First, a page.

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RIM reports net loss, rise in revenue

BlackBerry maker Research In Motion sees first-quarter revenue increase to $104.5 million and posts a bigger loss than expected by Wall Street.

Research In Motion, maker and service provider of the BlackBerry handheld, reported on Wednesday a net loss as well as a rise in revenue for its fiscal first quarter, amid a slew of partnerships with leading device developers.

The Waterloo, Ontario-based company said it generated revenue of $104.5 million in its fiscal first quarter ended May 31, compared with $71.6 million in the same quarter a year ago. It lost $8.2 million, or 11 cents a share, in the quarter, which compares with a loss of $10.7 million, or 14 cents, in the year-ago period.

Excluding patent litigation, RIM's loss for the quarter was $700,000, or 1 cent per share. The company is embroiled in patent lawsuits with holding company NTP and rival device maker Good Technology.

Analysts were expecting a loss of 9 cents a share, according to a survey by financial research firm First Call.

RIM sells wireless devices and server software. It gets a cut of service revenue for wireless network access for its handhelds--mainly its BlackBerry device. The company is beginning to license its software to device makers looking to make their portable products stand out from those of competitors. A smaller portion of its business comes from selling radio transmitters.

RIM reported an increase of 81,000 subscribers to its wireless messaging service in the first quarter, for a total of 615,000 subscribers.

"RIM continues to grow its business and strengthen its market position through close-knit alliances with leading product and service providers," Jim Balsillie, chairman and co-CEO, said in a statement. "Together with our partners, we are expanding the global reach of the BlackBerry platform through new product, distribution and licensing initiatives."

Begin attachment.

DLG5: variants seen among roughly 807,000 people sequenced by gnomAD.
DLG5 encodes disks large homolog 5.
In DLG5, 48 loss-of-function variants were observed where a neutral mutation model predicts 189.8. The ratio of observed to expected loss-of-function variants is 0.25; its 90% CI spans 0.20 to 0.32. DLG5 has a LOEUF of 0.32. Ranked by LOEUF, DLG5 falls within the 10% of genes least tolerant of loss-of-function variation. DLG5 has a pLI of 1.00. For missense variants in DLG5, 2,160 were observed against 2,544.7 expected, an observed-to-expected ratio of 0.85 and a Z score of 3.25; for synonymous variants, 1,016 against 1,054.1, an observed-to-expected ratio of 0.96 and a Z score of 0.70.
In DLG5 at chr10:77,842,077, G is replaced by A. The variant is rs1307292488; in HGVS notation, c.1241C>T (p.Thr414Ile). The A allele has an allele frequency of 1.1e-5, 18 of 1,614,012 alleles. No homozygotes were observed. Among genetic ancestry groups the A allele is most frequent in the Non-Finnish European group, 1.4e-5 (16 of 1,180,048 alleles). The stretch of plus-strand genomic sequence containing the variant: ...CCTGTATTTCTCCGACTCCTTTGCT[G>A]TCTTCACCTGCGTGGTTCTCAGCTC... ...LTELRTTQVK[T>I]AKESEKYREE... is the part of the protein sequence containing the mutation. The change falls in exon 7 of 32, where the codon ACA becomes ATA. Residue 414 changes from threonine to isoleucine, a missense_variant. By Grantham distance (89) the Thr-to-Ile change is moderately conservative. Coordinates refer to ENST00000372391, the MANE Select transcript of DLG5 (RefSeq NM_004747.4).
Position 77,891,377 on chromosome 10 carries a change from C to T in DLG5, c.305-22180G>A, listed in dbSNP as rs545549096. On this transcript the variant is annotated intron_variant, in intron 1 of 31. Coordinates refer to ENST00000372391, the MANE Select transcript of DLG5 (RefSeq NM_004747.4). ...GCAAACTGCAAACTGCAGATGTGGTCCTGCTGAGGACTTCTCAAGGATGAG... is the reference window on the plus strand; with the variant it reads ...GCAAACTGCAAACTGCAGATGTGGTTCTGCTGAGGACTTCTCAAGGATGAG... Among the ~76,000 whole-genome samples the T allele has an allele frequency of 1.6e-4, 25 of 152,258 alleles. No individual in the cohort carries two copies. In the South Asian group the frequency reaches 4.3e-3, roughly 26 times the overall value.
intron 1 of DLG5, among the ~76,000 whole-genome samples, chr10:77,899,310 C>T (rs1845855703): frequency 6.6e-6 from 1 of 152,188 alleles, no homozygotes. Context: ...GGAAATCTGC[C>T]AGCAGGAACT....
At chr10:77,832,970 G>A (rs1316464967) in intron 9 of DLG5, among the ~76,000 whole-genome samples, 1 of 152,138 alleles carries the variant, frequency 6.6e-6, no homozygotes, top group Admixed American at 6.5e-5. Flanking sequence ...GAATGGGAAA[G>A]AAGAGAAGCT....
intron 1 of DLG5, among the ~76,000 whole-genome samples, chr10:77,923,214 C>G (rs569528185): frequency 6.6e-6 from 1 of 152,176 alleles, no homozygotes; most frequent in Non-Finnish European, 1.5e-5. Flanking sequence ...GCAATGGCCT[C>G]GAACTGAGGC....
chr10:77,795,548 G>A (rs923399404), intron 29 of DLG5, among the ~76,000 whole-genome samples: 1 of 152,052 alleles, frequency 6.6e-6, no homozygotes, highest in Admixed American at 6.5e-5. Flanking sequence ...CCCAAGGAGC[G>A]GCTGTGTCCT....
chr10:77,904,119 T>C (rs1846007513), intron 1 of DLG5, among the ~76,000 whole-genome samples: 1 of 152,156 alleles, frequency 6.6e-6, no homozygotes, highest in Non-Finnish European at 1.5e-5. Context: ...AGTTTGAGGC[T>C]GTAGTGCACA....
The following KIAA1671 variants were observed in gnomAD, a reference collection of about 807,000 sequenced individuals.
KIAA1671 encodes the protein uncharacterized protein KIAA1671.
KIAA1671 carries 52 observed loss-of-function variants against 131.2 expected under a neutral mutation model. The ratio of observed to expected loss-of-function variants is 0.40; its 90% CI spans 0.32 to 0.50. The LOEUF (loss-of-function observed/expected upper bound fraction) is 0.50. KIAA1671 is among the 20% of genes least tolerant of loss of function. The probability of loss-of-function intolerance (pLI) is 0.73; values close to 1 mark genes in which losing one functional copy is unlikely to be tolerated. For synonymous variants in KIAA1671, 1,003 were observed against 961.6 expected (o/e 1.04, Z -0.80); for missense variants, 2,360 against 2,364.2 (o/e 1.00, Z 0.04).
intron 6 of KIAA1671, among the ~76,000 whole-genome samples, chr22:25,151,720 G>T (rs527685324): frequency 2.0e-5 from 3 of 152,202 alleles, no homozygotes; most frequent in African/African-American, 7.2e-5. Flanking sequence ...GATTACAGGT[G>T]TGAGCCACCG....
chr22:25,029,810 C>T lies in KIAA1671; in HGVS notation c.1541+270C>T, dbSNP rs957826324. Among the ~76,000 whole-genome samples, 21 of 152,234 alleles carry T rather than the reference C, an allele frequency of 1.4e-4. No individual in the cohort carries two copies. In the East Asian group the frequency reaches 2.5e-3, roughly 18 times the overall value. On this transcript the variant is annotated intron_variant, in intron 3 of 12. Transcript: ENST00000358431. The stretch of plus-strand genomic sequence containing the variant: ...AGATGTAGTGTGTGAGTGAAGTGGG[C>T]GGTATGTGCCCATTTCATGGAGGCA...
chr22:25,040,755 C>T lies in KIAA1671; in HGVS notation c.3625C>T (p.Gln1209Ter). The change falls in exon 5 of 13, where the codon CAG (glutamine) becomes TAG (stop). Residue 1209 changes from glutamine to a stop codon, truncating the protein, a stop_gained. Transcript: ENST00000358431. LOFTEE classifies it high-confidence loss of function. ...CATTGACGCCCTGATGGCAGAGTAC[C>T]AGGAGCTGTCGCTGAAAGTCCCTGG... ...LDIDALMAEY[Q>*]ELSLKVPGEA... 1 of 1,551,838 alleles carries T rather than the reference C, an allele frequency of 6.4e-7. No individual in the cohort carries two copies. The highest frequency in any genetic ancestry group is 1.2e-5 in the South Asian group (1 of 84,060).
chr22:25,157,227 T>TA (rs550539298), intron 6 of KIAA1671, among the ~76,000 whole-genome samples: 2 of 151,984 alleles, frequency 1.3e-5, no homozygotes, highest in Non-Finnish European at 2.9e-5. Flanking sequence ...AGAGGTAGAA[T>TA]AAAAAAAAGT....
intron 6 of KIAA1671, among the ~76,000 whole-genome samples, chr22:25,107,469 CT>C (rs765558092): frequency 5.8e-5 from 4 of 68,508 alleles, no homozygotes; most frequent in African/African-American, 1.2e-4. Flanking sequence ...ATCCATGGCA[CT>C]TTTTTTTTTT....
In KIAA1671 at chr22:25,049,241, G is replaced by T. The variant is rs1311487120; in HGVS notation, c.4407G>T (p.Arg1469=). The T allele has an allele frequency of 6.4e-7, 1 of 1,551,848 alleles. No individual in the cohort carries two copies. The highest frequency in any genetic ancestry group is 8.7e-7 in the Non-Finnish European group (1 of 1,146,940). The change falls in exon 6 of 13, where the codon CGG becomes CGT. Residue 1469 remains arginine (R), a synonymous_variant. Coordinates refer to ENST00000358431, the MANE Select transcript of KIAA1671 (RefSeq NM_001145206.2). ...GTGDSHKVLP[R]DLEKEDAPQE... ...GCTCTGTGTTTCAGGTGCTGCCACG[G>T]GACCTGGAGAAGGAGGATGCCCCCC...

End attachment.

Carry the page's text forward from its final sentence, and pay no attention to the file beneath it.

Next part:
Balsillie added that about two-thirds of the new subscribers from the quarter had signed up for voice-enabled BlackBerry devices, which means higher revenue opportunities for potential new cellular carrier partners. Voice service is generally more profitable for carriers than data service.

Handhelds brought in about 50 percent of RIM's revenue, while service made up 37 percent. Software licenses accounted for 6 percent, and radios and other sources made up 7 percent.

RIM beat its first-quarter revenue guidance and raised its estimates of $95 million to $105 million for the current second quarter to between $105 million and $115 million. The company said it expected adding 80,000 to 100,000 subscribers for a total of around 700,000 new customers to its service. RIM also forecast revenue between $115 million to $125 million for the third quarter.

RIM has less than 2,000 employees, according to Chief Financial Officer Dennis Kavelman. The company had cash and cash equivalents of $351 million as of May 31.

Separately, RIM announced the appointment of John Richardson to its board of directors. Richardson is the seventh member of the board. Richardson's appointment was effective May 30. He is currently the chairman of the audit committee for the Ontario Pension Board and is also chairman of the Boiler Inspection and Insurance Company.

RIM closed up 68 cents, or 3 percent, to $22.83 per share. In after-hours trading, the company was up 23 cents, or 1 percent, to $23.06.